The Beatles continued the alchemy by absorbing Dylan’s pioneering into their music—which was immediately felt in Rubber Soul, their most sophisticated album to date.

Thanks to the summer of 65, popular music would never be the same again.


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13 Comments

  1. Recombinative. Good word.

    My mysteries are at the overlap of noir and cozy (I call 'em Chandleresque cozies.) Steal from both, appeal to the thin slice rather than the masses.

    I wish I could do recombinative better.

    Musically, it is bizarre that the chords to Like a Rolling Stone are

    C Dm Em F G

    which don't make no sense. Except it works. You don't write "C D E F G" in a song. Except, he did.

    Not necessarily recombinative, but certainly unorthodox.

    1. Well, folks that were learning to write songs on the white keys of a piano would often play that progression. (I think I did, many moons ago.) You just start with C and move up the scale. I'll bet Dylan was doing that.

  2. Good post, John.
    The Beatles and Dylan made "intelligence" popular in music. Before them, music was simply entertainment either for dancing or in the background... musicians weren't required to be smart, thoughtful, or introspective, just good looking (like nowadays).

    So, I guess we've come full circle.

  3. Great post John. I hope you will find a way to combine all of these into a definite book on music and culture in the sixties and how it affected our generation and the American experience.

    1. Thanks, Bill. Like I always say, if anyone wants me to write a book on anything and is willing to pay for enough copies in advance, I'll get started on it right away. :-) But I also have a business book to get out this millennium.

  4. Boy, that summer lasted a really long time. I would not have thought all of that musical talent emerged all at once. I think that is when I began liking music (yup, I was slow to join in).

  5. I loved those moments and remember clearly the first time I heard each song... I also fell helplessly in love. My life was each of those songs at that time

    1. Yes, if you were lucky enough to be on the planet then (and old enough to assimilate song lyrics) how could you NOT be knocked out by those songs? Each one was a game changer. (Some might argue that "Help!" wasn't as monumental as the other three, but I'd rank it among the best of the Fab Four tracks — and it did set a new lyrical direction for Lennon.)

  6. Don't overlook the Beach Boys! By 1965, they'd given us "In My Room," "Don't Worry Baby," "When I Grow Up To Be a Man," "I Get Around" and many others. Maybe these songs aren't lyrically up to the same standards as Dylan but I'd put them easily on a par with the Beatles and the Stones, maybe ahead. Teenage symphonies to God...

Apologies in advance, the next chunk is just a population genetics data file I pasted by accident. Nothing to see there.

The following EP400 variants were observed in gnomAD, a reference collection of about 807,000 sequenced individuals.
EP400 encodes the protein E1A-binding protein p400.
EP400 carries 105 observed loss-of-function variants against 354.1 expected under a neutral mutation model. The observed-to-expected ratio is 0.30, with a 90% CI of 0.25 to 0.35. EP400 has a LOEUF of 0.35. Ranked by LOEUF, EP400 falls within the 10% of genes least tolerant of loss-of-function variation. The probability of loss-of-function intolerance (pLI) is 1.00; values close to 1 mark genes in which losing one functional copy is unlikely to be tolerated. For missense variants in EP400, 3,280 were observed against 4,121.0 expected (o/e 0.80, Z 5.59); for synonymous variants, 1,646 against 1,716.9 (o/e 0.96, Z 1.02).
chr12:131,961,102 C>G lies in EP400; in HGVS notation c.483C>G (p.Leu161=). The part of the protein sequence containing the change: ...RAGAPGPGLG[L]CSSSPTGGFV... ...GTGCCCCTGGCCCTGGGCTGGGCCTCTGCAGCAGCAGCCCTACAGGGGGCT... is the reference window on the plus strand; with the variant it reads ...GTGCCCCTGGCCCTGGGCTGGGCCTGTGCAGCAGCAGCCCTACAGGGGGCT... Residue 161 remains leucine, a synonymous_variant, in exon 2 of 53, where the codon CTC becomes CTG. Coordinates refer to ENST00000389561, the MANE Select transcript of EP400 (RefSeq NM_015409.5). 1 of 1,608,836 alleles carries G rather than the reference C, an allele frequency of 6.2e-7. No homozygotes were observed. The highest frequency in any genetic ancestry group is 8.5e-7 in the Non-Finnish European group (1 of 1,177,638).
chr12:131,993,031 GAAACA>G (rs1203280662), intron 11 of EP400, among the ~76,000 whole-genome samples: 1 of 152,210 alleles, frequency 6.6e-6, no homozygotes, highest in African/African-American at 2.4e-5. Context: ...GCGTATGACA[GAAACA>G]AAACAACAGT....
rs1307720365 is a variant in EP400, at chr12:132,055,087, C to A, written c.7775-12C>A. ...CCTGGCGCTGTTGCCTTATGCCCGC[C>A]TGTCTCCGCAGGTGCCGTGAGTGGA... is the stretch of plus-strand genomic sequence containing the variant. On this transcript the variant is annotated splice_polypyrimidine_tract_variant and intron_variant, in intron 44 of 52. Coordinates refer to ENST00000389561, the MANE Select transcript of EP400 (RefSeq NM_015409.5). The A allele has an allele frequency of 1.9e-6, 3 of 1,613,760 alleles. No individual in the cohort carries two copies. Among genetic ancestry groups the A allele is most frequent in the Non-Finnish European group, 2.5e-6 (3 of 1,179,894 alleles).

And I haven't mentioned Chuck Berry yet. The reason rock n' roll turned to mush in the early 60's was largely a backlash against the great man. (OK, great rock n' roll artist. The stories about him as a person aren't so appetising.)

    1. Fair point, Mark. The Beach Boys belong on Mt. Olympus too but I see summer 1966 as their pivotal year—with Pet Sounds and "God Only Knows" (which ranks in my Top 10 for greatest pop songs of all time). The lyrics to many of their songs (when supplied by Mike Love or Brian himself) often didn't match Brian's harmonic and melodic genius, BUT when Brian found himself a talented co-writer (like Gary Usher for "In My Room" or Tony Asher for "God Only Knows," "Caroline, No," "Wouldn't It Be Nice," etc.) the results were stellar.

      1. If you haven't already seen the recent film, "Love & Mercy" then I'd strongly recommend you do so. Here in the UK it got some mixed reviews because people didn't like that it focused on just 2 periods in Brian's life; it used a different actor for each period; and it keeps jumping back and forth in time - it isn't linear. I thought it was one of the best films I've seen in a long while. Oh, and when the credits start to roll, stay seated... you'll soon see (and hear) why.

        1. Thanks, Mark. It's on my list. But I'm way behind in my movie-viewing. It will be available in Betamax, right?